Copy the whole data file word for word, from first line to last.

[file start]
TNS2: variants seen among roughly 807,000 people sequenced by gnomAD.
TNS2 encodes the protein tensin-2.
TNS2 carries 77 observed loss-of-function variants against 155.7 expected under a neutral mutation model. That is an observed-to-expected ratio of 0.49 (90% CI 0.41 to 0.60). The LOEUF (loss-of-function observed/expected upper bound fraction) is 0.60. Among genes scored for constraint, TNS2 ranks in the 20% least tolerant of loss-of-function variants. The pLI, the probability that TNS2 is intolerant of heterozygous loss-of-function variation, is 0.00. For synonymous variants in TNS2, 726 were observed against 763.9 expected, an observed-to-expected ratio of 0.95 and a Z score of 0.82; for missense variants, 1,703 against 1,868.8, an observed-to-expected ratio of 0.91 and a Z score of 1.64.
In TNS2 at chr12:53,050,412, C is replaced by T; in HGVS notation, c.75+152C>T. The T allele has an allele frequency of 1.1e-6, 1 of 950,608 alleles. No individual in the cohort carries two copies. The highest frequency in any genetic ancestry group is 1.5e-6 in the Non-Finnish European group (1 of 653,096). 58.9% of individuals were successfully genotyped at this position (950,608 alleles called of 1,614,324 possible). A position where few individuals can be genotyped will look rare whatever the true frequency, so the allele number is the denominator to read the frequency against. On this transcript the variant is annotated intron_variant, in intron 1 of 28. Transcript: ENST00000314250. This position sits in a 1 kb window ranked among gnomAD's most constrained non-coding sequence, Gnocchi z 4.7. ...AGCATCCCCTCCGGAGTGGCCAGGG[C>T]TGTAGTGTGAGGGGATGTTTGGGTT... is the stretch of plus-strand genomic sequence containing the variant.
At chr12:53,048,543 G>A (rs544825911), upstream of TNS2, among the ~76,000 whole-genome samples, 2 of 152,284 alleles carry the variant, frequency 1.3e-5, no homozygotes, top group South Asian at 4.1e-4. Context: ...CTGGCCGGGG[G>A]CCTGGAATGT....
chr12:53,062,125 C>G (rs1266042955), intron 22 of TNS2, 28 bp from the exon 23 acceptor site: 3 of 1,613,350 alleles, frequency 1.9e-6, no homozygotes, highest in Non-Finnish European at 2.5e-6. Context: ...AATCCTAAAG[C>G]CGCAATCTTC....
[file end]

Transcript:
TNS2: variants seen among roughly 807,000 people sequenced by gnomAD.
TNS2 encodes the protein tensin-2.
TNS2 carries 77 observed loss-of-function variants against 155.7 expected under a neutral mutation model. That is an observed-to-expected ratio of 0.49 (90% CI 0.41 to 0.60). The LOEUF (loss-of-function observed/expected upper bound fraction) is 0.60. Among genes scored for constraint, TNS2 ranks in the 20% least tolerant of loss-of-function variants. The pLI, the probability that TNS2 is intolerant of heterozygous loss-of-function variation, is 0.00. For synonymous variants in TNS2, 726 were observed against 763.9 expected, an observed-to-expected ratio of 0.95 and a Z score of 0.82; for missense variants, 1,703 against 1,868.8, an observed-to-expected ratio of 0.91 and a Z score of 1.64.
In TNS2 at chr12:53,050,412, C is replaced by T; in HGVS notation, c.75+152C>T. The T allele has an allele frequency of 1.1e-6, 1 of 950,608 alleles. No individual in the cohort carries two copies. The highest frequency in any genetic ancestry group is 1.5e-6 in the Non-Finnish European group (1 of 653,096). 58.9% of individuals were successfully genotyped at this position (950,608 alleles called of 1,614,324 possible). A position where few individuals can be genotyped will look rare whatever the true frequency, so the allele number is the denominator to read the frequency against. On this transcript the variant is annotated intron_variant, in intron 1 of 28. Transcript: ENST00000314250. This position sits in a 1 kb window ranked among gnomAD's most constrained non-coding sequence, Gnocchi z 4.7. ...AGCATCCCCTCCGGAGTGGCCAGGG[C>T]TGTAGTGTGAGGGGATGTTTGGGTT... is the stretch of plus-strand genomic sequence containing the variant.
At chr12:53,048,543 G>A (rs544825911), upstream of TNS2, among the ~76,000 whole-genome samples, 2 of 152,284 alleles carry the variant, frequency 1.3e-5, no homozygotes, top group South Asian at 4.1e-4. Context: ...CTGGCCGGGG[G>A]CCTGGAATGT....
chr12:53,062,125 C>G (rs1266042955), intron 22 of TNS2, 28 bp from the exon 23 acceptor site: 3 of 1,613,350 alleles, frequency 1.9e-6, no homozygotes, highest in Non-Finnish European at 2.5e-6. Context: ...AATCCTAAAG[C>G]CGCAATCTTC....